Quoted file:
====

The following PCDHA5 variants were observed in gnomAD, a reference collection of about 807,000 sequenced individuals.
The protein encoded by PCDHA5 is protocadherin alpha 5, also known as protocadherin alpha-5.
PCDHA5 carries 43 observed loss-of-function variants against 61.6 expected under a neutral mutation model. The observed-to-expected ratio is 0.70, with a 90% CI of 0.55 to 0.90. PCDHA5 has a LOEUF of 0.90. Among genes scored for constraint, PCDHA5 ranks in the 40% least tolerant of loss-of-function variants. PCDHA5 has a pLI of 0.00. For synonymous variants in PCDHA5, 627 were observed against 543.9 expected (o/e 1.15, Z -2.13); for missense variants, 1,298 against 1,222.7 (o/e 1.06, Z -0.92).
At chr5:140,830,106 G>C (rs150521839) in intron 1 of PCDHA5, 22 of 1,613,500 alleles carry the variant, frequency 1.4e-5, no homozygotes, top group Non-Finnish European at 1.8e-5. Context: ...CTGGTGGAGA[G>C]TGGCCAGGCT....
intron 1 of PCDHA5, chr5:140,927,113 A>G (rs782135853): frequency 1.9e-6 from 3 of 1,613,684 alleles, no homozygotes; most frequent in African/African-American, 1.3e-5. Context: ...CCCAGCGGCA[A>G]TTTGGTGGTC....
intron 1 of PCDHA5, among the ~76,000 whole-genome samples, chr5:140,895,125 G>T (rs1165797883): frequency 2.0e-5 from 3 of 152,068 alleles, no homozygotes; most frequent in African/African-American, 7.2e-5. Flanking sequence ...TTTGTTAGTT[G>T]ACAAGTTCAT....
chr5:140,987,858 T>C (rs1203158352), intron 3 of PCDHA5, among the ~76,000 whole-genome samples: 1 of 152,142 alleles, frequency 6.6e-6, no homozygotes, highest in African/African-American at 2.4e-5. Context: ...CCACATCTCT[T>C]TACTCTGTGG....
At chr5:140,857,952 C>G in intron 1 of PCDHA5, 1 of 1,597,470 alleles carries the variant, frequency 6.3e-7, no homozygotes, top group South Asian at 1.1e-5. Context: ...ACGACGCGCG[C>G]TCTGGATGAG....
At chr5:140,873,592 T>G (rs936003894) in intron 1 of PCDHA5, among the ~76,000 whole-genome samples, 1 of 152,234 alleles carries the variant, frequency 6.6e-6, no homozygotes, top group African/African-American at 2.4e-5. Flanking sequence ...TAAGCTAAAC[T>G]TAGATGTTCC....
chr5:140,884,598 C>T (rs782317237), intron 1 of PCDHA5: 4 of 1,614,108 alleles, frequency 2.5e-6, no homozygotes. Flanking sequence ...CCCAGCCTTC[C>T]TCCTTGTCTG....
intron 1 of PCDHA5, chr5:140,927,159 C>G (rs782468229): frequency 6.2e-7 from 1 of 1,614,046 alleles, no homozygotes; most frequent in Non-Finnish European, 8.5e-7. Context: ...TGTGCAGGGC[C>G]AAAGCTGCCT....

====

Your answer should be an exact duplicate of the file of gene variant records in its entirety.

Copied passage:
The following PCDHA5 variants were observed in gnomAD, a reference collection of about 807,000 sequenced individuals.
The protein encoded by PCDHA5 is protocadherin alpha 5, also known as protocadherin alpha-5.
PCDHA5 carries 43 observed loss-of-function variants against 61.6 expected under a neutral mutation model. The observed-to-expected ratio is 0.70, with a 90% CI of 0.55 to 0.90. PCDHA5 has a LOEUF of 0.90. Among genes scored for constraint, PCDHA5 ranks in the 40% least tolerant of loss-of-function variants. PCDHA5 has a pLI of 0.00. For synonymous variants in PCDHA5, 627 were observed against 543.9 expected (o/e 1.15, Z -2.13); for missense variants, 1,298 against 1,222.7 (o/e 1.06, Z -0.92).
At chr5:140,830,106 G>C (rs150521839) in intron 1 of PCDHA5, 22 of 1,613,500 alleles carry the variant, frequency 1.4e-5, no homozygotes, top group Non-Finnish European at 1.8e-5. Context: ...CTGGTGGAGA[G>C]TGGCCAGGCT....
intron 1 of PCDHA5, chr5:140,927,113 A>G (rs782135853): frequency 1.9e-6 from 3 of 1,613,684 alleles, no homozygotes; most frequent in African/African-American, 1.3e-5. Context: ...CCCAGCGGCA[A>G]TTTGGTGGTC....
intron 1 of PCDHA5, among the ~76,000 whole-genome samples, chr5:140,895,125 G>T (rs1165797883): frequency 2.0e-5 from 3 of 152,068 alleles, no homozygotes; most frequent in African/African-American, 7.2e-5. Flanking sequence ...TTTGTTAGTT[G>T]ACAAGTTCAT....
chr5:140,987,858 T>C (rs1203158352), intron 3 of PCDHA5, among the ~76,000 whole-genome samples: 1 of 152,142 alleles, frequency 6.6e-6, no homozygotes, highest in African/African-American at 2.4e-5. Context: ...CCACATCTCT[T>C]TACTCTGTGG....
At chr5:140,857,952 C>G in intron 1 of PCDHA5, 1 of 1,597,470 alleles carries the variant, frequency 6.3e-7, no homozygotes, top group South Asian at 1.1e-5. Context: ...ACGACGCGCG[C>G]TCTGGATGAG....
At chr5:140,873,592 T>G (rs936003894) in intron 1 of PCDHA5, among the ~76,000 whole-genome samples, 1 of 152,234 alleles carries the variant, frequency 6.6e-6, no homozygotes, top group African/African-American at 2.4e-5. Flanking sequence ...TAAGCTAAAC[T>G]TAGATGTTCC....
chr5:140,884,598 C>T (rs782317237), intron 1 of PCDHA5: 4 of 1,614,108 alleles, frequency 2.5e-6, no homozygotes. Flanking sequence ...CCCAGCCTTC[C>T]TCCTTGTCTG....
intron 1 of PCDHA5, chr5:140,927,159 C>G (rs782468229): frequency 6.2e-7 from 1 of 1,614,046 alleles, no homozygotes; most frequent in Non-Finnish European, 8.5e-7. Context: ...TGTGCAGGGC[C>G]AAAGCTGCCT....